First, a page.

The New York Department of Financial Services has issued guidance about its new Third-Party Debt Collector and Debt Buyer Regulations in the form of Frequently Asked Questions (“FAQs”). The FAQs provide insight on the scope of the regulations as well as collectors’ responsibilities to substantiate disputed charged-off debts, provide time-barred debt disclosures, and more. (As we discussed in a recent webinar, the Consumer Financial Protection Bureau likely will address similar issues when it proposes its debt collection rules,  expected later this year.)

Debt Collection Activities Covered

In the FAQs, the Department confirmed that the regulations do not apply to:

  • Original creditors;
  • Persons who collect debts through litigation (including obtaining settlements or payment plans to resolve pending legal actions);
  • Assignees or collectors of retail installment contracts for the purchase of automobiles, medical services, and other goods or services; or
  • Companies that service debt arising from student loans, home equity loans or mortgages (which the Department refers to in the FAQs as “debt servicers”) if they collect or attempt to collect on debts that were not in default at the time the debts were obtained for collection. These same entities would be covered by the regulations if they “are assigned defaulted debts to collect on behalf of creditors.”

Commenting further on the scope of the regulations, the Department said that “at this time” it is focused on the collection of debts from New Yorkers. This appears to leave open the possibility that the Department could seek to expand application of the rule in the future if it believes it has the authority to do so.

Substantiation of Debts

The FAQs also state that the Department will take enforcement action against any collector that does not substantiate a debt within the required 60-day period. Under the regulations, “substantiation” is a heightened dispute validation process whereby the collector must provide the consumer with specified documents evidencing the debt. The Department’s comments may imply that even if a collector permanently ceases collecting a debt after receiving a request for substantiation, the Department may penalize the collector for failing to substantiate the debt in a timely fashion. This is analogous to the CFPB’s position that furnishers have an obligation under the Fair Credit Reporting Act to investigate disputed information in a consumer report rather than simply directing consumer reporting agencies to delete the disputed items.

The Department also stated that after a collector substantiates a debt for the first time, the collector does not need to follow the substantiation procedures again if it receives subsequent oral or written disputes about the same debt. (It is unclear whether the Department would take a different position if the consumer provides new information in his or her dispute.) However, if the debt is transferred to a subsequent collector, the consumer is entitled to request substantiation of the debt again from the subsequent collector.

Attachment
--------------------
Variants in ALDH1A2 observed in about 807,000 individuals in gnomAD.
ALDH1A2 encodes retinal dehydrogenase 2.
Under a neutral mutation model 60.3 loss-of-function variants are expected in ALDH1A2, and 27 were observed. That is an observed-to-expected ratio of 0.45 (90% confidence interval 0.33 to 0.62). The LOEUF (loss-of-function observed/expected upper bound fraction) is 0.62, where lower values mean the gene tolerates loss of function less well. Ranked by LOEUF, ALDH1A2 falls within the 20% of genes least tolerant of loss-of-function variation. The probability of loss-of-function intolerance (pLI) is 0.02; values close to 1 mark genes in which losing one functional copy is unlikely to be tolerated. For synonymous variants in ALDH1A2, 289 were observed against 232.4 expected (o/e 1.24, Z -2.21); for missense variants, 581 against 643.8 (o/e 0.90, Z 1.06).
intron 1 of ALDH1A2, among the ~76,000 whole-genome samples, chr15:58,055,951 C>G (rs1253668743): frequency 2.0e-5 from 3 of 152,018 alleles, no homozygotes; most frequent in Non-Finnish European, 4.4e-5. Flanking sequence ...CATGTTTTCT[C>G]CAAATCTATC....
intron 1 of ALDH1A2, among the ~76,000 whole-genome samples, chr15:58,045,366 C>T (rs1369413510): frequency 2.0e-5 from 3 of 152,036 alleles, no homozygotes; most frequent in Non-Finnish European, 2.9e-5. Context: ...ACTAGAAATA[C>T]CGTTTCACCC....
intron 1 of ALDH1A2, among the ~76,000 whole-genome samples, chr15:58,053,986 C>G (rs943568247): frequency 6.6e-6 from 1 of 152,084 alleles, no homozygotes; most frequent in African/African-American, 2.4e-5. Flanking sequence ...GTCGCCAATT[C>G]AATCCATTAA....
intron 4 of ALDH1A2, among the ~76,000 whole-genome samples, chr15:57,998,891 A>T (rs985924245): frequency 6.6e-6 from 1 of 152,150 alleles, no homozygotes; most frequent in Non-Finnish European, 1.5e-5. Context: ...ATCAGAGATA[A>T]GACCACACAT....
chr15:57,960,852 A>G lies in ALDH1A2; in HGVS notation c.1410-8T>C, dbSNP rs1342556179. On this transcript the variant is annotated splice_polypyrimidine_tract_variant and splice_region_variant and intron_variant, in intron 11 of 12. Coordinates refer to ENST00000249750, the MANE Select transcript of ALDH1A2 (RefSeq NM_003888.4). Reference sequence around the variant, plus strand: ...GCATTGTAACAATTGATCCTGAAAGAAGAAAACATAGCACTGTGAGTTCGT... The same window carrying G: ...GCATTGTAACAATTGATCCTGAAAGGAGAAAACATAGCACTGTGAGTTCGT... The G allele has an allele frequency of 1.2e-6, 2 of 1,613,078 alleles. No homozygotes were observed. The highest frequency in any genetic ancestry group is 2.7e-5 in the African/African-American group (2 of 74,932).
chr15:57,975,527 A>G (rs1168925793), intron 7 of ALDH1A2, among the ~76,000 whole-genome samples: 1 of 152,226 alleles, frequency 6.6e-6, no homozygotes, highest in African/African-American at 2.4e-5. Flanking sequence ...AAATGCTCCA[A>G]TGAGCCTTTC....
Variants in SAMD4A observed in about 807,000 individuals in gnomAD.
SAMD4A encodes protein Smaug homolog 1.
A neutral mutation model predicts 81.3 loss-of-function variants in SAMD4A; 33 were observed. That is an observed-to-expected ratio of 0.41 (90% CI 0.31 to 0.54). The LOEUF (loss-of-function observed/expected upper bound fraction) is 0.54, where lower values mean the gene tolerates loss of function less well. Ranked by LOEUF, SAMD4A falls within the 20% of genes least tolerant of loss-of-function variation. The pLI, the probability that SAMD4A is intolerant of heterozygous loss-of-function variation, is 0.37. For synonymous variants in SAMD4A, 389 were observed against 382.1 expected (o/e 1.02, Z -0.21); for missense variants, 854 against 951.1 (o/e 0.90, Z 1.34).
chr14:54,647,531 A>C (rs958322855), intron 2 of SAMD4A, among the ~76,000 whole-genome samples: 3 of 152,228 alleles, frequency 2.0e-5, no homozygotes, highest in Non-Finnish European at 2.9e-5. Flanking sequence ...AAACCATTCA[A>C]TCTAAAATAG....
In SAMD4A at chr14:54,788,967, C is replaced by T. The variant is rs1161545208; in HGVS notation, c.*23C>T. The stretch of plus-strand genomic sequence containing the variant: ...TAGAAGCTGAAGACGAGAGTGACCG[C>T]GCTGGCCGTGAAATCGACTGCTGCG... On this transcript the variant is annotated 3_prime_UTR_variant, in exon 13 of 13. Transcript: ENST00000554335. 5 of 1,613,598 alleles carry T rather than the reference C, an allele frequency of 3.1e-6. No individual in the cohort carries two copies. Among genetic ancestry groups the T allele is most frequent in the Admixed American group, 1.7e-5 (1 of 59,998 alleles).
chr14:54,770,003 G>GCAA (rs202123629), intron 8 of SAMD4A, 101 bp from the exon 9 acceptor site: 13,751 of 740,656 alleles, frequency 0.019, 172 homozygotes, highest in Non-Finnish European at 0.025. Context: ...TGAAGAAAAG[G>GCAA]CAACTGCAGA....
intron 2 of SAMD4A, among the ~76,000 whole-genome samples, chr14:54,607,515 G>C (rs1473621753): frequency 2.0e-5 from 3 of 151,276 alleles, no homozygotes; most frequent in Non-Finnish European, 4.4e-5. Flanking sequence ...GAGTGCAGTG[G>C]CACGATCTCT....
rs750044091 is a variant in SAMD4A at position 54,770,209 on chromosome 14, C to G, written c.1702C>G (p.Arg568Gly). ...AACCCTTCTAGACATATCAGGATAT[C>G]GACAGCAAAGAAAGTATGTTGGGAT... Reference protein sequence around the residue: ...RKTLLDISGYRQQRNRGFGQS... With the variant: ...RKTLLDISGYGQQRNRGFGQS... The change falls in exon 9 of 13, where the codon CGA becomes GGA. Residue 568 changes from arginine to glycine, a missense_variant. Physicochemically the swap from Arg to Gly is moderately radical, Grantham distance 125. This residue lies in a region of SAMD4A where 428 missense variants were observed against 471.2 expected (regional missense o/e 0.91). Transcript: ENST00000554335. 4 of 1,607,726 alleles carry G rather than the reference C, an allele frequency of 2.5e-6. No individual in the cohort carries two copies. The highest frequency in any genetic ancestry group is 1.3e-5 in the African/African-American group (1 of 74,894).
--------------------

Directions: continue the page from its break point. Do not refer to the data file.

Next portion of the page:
Out-of-Statute Debt Disclosure

The FAQs appear to expand the regulations’ time-barred debt disclosure requirement. The regulations say that this disclosure must be given “before accepting payment on” a debt that is beyond the applicable statute of limitations. The Department interprets this to mean that a collector may deliver the disclosure “in the communication requesting a payment or before accepting a payment.” The Department noted that if a debtor makes a payment on a time-barred debt that does not revive the statute of limitations, the collector must re-deliver the disclosure before accepting further payment. From a practical standpoint, collectors may need to provide the disclosure in every collection communication to New York debtors, including, as the regulations state, “in the same medium” that the collector accepts payment, such as via telephone.

The Department also indicated that collectors could create a single time-barred debt disclosure and a single itemized debt disclosure to comply with its regulations as well as New York City’s debt collection rules, which the Department views as different but not inconsistent.

The Department plans to release additional guidance in the coming weeks. The regulations take effect in two parts, on March 3, 2015, and August 30, 2015. (See our prior alert on the regulations here.)

Attorneys in Ballard Spahr’s Consumer Financial Services Group regularly advise clients on compliance with the FDCPA and state debt collection laws and defend clients in FDCPA lawsuits and enforcement matters. They also prepare clients for their first Consumer Financial Protection Bureau examinations. The Group is nationally recognized for its guidance in structuring and documenting new consumer financial services products, its experience with the full range of federal and state consumer credit laws, and its skill in litigation defense and avoidance.

For more information, please contact CFS Practice Leader Alan S. Kaplinsky at 215.864.8544 or, John L. Culhane, Jr., at 215.864.8535 or, Marjorie J. Peerce at 646.346.8039 or, Collection Documentation Task Force Chair Christopher J. Willis at 678.420.9436 or, or Heather S. Klein at 215.864.8732 or

Copyright © 2015 by Ballard Spahr LLP.
(No claim to original U.S. government material.)

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This alert is a periodic publication of Ballard Spahr LLP and is intended to notify recipients of new developments in the law. It should not be construed as legal advice or legal opinion on any specific facts or circumstances. The contents are intended for general informational purposes only, and you are urged to consult your own attorney concerning your situation and specific legal questions you have.

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